|Advertising|Jobs 転職|Shukan ST|JT Weekly|Book Club|JT Women|Study in Japan|Times Coupon|Subscribe 新聞購読申込|
|Home > Life in Japan > Environment|
Thursday, May 30, 2002
Finding the neurons that say: 'let's just do it'
By ROWAN HOOPER
Ever wondered why some people are full of "get up and go" and why others drag their heels? Why some kids at school charge enthusiastically around the running track, while others prefer to go for a smoke behind the bike sheds? If work published in Science this week fulfills its promise, there might soon be an answer.
Much of what we know about emotions and feelings -- where they come from and how they are processed -- comes from observations of people with damaged brains. In the front part of the brain is an area that University of Glasgow scientist Graham Cairns-Smith calls the "let's just do it" area. People who suffer damage to this area, called the anterior cingulate, lose initiative and the desire to say or do anything.
Motivation also goes down. People may feel unmotivated after being unemployed for months or years or if stuck in a dead-end McJob -- but it's far worse in stroke patients who have suffered damage to the anterior cingulate. Such people are sometimes able to answer questions but do not talk unless spoken to. On partial recovery, they report that they had lost the will to act -- the "let's just do it" area of the brain had apparently shut down. Even flipping burgers all day leaves you with more motivation that that.
Now two scientists, Munetaka Shidara of the Neuroscience Research Institute in Tsukuba, Ibaraki Prefecture, and Barry Richmond of the Laboratory of Neuropsychology in Bethesda, Md., have discovered a brain signal that might provide the biological basis for motivation. Further research in this area may also help explain what's behind brain disorders and addiction.
For now, however, given that the number of neurons in a human brain is about the same as the number of stars in our galaxy -- tens of billions -- understanding how motivation and reward are signaled in the brain is a good start.
The scientists were not looking at signals in a human brain, but in one quite similar. Shidara and Richmond monitored the neural activity in monkeys performing a task for which they have been trained to expect a reward.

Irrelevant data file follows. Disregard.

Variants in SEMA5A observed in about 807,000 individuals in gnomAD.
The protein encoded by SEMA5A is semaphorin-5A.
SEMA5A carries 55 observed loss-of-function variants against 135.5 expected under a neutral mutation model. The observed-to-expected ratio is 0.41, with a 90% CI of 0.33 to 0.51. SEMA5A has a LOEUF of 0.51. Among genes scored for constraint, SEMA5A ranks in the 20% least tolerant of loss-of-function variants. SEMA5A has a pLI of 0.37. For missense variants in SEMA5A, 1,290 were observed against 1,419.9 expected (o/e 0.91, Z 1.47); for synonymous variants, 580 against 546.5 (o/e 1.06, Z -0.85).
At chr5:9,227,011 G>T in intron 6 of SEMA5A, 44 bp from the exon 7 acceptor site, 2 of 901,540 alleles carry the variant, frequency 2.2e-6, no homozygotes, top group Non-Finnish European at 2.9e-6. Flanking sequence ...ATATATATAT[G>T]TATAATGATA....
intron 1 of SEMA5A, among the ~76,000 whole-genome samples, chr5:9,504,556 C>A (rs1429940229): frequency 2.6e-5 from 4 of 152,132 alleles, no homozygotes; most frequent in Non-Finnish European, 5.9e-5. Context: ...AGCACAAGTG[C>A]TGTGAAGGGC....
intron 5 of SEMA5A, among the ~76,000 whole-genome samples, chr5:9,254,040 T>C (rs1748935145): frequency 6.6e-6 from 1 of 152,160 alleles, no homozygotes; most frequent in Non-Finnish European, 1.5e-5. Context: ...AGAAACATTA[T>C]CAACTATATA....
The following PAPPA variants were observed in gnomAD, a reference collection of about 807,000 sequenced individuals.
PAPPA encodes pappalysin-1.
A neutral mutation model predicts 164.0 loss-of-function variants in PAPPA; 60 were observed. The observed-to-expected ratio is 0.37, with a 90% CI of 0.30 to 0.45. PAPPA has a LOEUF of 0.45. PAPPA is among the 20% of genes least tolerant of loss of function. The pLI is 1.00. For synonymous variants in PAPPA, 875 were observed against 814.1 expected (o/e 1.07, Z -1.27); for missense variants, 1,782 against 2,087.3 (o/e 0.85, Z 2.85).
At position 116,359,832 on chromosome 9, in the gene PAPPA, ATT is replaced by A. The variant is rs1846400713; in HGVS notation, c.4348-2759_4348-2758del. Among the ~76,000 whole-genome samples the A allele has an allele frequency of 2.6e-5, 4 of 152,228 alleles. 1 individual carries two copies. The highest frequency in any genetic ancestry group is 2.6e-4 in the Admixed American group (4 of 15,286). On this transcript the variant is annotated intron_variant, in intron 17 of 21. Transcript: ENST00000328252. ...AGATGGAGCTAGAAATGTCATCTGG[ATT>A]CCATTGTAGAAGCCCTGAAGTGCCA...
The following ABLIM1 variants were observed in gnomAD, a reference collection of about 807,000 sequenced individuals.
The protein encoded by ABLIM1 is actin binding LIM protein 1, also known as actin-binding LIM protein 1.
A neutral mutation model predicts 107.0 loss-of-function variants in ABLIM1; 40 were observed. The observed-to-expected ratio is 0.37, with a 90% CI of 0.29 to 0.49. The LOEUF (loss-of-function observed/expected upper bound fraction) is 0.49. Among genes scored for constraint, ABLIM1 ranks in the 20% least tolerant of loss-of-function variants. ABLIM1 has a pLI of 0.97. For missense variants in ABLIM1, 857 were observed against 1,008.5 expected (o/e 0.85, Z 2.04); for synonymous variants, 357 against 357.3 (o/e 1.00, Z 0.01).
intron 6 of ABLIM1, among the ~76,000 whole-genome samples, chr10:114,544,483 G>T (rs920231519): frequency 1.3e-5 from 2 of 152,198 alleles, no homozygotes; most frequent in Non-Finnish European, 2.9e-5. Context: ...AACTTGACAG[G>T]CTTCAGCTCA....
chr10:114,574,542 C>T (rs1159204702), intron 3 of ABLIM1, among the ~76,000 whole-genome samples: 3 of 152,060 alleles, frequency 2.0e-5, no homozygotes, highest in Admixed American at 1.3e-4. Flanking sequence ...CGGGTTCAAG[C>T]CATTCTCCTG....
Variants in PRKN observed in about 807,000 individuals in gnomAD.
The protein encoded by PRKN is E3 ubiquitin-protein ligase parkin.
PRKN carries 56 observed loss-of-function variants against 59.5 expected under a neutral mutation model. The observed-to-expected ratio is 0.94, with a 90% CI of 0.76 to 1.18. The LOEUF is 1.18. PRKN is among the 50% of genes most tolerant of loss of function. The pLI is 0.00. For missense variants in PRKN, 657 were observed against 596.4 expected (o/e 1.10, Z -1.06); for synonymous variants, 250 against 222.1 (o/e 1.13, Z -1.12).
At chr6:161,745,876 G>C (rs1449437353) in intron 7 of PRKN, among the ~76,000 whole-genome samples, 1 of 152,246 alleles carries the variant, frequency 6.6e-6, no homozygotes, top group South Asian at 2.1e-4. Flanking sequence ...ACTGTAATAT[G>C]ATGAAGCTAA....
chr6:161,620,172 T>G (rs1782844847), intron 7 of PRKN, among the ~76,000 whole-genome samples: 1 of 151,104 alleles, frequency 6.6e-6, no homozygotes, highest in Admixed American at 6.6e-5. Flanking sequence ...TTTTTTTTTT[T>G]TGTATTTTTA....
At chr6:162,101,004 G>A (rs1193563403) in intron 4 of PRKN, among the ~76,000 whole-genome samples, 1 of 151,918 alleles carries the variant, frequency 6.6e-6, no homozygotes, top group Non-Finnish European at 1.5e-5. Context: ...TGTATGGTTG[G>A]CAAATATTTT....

"Understanding how this signal works normally, as well as when its activity is abnormally high or low," said Shidara, "may shed light on why individuals seem to have different levels of motivation for performing similar tasks."
The scientists found that the brain signal seems to wind down just before a reward is reached. In other words, understanding that the reward is a sure thing may be more important, for the brain at least, than actually receiving it.
"Imagine you're in a tall building, waiting for the elevator, but it doesn't come," Richmond elaborated. "Your anxiety increases, but then you hear a bell ding on the next floor and you feel better, because you're sure what's going to happen next. The signal we saw is like that."
The monkeys in the experimental trials watched a spot on a computer screen change from red to green. When the spot was green, the monkeys were supposed to release a lever -- if they did so correctly, the spot turned blue. For every correct response given, a gray bar on the screen became brighter. Thus, the monkeys knew that the treat, a juice drink, was on its way.
During the trials, Shidara and Richmond monitored the electrical activity in more than 100 neurons in the anterior cingulate. They found that there was a boost in neural activity as the timing of the reward drew nearer, and that the activity dropped off when the reward was imminent and the expectancy was resolved. Moreover, the monkeys made fewer errors as the reward drew closer. But when the brightness of the gray bar changed randomly, the monkeys did not progressively improve. This means that the monkeys didn't work as hard to get the reward when they knew it was fairly far off in the future.
"If you're working toward a distant goal, you must often keep working even if you don't like what you are doing very much," said Richmond. "It makes sense that there is such a signal that varies with the degree of reward expectancy, that keeps you on-task performing a long sequence of behaviors."
The scenario can be compared to what a marathon runner experiences toward the end of a race. There are more and more bystanders along the road, cheering the runner on. But in the case of the brain, as soon as the winning line can be seen up ahead, the cheering bystanders disappear and the runner sprints to the end.
The scientists believe that the brain signal they've discovered may be at least partly responsible for conditions like obsessive-compulsive disorder or drug addiction, both of which are known to involve greater than normal activity in the anterior cingulate.
"Let's assume you had a signal like this, and it was turned up too high. It might make you feel like you had to be trying harder, telling you 'Just go on a little further and you'll get satisfied,' " said Richmond. "Our speculation is that this signal never resolves for conditions like obsessive-compulsive disorder. Or in the case of addiction, a drug has the effect of satisfying the signal."
For more on the workings of the human brain, see A.G. Cairns-Smith's book "Secrets of the Mind" (1999, Springer-Verlag). You can e-mail Rowan Hooper at firstname.lastname@example.org